mySerial.println("1");
     Serial.read();
    }
     while (Serial.available()==0); 
    
    do {
    dataFile.print("");
    dataFile.print(time/6000);
    dataFile.print (", ");
    dataFile.println('1');
    mySerial.read();            //would this work?
    }
    while (mySerial.available()==0); 
    
    }                             //Closes "if" statement
    
 else {
    do {                         //omitted Serial.pring list
      mySerial.print(" ");
      mySerial.print(time/60000);
      mySerial.print(" ");
      mySerial.println("0");
      Serial.read();
    }     
      
      while (Serial.available()==0);
   
    do {
      dataFile.print(" ");
      dataFile.print(time/60000);
      dataFile.print(" ");
      dataFile.println("0");
      mySerial.read();          //again, will this work?
 }
     while mySerial.available()==0);   //would this work?
        
    }                          //Closes "else" statwement           
     if (pirState == HIGH) { 
      // We only want to print on the output change, not state
      pirState = LOW;
     } 
  
                                //Closes loop
}

I get an error “dataFile not declared in this scope” but this is not my question–see // above

Cheers and thanks,
Oldguy

------------------------end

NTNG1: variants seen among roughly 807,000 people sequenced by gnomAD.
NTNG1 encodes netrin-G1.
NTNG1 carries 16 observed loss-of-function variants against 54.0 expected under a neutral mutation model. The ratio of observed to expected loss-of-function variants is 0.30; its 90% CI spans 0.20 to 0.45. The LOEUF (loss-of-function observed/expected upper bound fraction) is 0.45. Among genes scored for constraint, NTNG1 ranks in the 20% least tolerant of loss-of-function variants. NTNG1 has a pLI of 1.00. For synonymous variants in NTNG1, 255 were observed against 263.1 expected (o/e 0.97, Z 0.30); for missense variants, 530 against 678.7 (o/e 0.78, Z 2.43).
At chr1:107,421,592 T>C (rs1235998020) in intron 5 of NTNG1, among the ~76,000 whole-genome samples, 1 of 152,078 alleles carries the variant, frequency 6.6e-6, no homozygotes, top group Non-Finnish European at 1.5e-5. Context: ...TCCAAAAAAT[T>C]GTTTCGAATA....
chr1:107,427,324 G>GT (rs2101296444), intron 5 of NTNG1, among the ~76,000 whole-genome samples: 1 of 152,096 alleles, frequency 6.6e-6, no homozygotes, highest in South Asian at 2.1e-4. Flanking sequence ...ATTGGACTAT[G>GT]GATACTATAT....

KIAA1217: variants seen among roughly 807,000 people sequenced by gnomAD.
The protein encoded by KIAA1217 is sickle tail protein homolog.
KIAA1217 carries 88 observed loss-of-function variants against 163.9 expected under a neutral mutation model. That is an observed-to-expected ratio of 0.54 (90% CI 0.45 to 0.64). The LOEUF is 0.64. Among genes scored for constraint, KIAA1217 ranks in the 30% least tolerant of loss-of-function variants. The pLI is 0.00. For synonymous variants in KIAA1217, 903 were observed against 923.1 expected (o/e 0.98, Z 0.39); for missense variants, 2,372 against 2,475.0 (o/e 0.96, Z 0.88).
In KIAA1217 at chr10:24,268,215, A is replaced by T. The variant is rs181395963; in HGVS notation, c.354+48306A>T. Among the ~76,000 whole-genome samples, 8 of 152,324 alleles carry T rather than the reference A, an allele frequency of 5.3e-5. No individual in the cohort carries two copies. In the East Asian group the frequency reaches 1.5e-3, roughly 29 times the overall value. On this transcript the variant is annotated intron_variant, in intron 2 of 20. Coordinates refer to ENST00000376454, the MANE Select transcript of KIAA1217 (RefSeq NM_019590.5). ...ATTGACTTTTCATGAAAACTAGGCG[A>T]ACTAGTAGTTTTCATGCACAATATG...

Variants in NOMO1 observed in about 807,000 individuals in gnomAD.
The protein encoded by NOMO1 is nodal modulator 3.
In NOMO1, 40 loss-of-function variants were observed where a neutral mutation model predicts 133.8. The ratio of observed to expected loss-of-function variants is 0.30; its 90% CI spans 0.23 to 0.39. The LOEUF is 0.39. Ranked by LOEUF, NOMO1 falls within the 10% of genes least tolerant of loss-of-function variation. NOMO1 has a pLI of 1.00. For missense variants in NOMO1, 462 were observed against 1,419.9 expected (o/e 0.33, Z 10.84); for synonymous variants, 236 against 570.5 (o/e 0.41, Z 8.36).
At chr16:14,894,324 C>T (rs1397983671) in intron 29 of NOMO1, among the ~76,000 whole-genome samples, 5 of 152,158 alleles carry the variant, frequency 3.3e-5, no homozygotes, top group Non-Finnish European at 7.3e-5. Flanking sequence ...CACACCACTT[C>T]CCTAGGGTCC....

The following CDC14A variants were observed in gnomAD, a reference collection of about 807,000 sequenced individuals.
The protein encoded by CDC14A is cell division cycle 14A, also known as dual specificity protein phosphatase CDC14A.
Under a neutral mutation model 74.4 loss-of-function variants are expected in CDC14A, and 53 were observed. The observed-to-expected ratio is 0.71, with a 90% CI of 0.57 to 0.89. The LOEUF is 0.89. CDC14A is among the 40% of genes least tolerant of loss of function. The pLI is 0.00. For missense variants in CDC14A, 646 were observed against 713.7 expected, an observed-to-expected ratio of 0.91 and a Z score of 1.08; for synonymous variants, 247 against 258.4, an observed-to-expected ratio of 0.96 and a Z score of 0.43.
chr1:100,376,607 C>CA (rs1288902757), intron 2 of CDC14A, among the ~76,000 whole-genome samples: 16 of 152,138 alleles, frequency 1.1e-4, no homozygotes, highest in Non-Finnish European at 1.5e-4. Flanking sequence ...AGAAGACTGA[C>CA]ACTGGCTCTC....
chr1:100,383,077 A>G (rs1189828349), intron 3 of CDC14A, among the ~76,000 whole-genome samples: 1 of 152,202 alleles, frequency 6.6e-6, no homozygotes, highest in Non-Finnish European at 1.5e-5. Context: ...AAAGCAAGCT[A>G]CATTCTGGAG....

That’s it.

I noticed something strange…

You shouldn’t open the file every time you use it.

You should open the file on setup and write to it in the loop() function. Once the size of the file gets big or some other condition, close it, and create or open a new one. This is nt the problem you’re having, but it may lead to problems once you test it.

Try declaring the File variable as global…

/*
 * Xbee wireless PIR sensor to datalogger with Arduino 1.0.1
 */
 #include <SD.h>
 #include <SoftwareSerial.h>
 SoftwareSerial mySerial = SoftwareSerial(0,1);
 const int chipSelect = 10;
unsigned long time; 
const int ledPin = 8;                // choose the pin for the LED
const int inputPin = 7;               // choose the input pin (for PIR sensor)
int pirState = LOW;             // we start, assuming no motion detected
 
File dataFile;<--------------------------------CHANGED

void setup() 
{
  pinMode(ledPin, OUTPUT);      // declare LED as output
  pinMode(inputPin, INPUT);     // declare sensor as input
 
  Serial.begin(9600);
  Serial.print("Initializing SD Card...");
  if (!SD.begin(chipSelect)) {
    Serial.println("Card failed, or not present");
    return;
  } 
 Serial.println("card initialized");
 Serial.print("Goodnight Moon");
 mySerial.begin(9600);
 mySerial.println("Hello World");
 
}
void loop()
{                                                          
  delay(6000);
  float time = millis();
  
  pirState = digitalRead(inputPin);  // read input value
  
    if (pirState == HIGH) {         // check if the input is HIGH
    digitalWrite(ledPin, HIGH);    //LED on
    delay (500);
    digitalWrite(ledPin, LOW);     //LED OFF
      
   dataFile = SD.open("datalog.txt", FILE_WRITE); <------------- CHANGED
    do {
     Serial.print(" ");     // this is just to check on the serial monitor
      Serial.print(time/60000); 
      Serial.print(",  "); 
      Serial.println("1");
      mySerial.read();
    }
    while (mySerial.available()==0);
    
    do {    
     
     mySerial.print (" ");
     mySerial.print(time/60000);
     mySerial.print(", ");
     mySerial.println("1");
     Serial.read();
    }
     while (Serial.available()==0); 
    
    do {
    dataFile.print("");
    dataFile.print(time/6000);
    dataFile.print (", ");
    dataFile.println('1');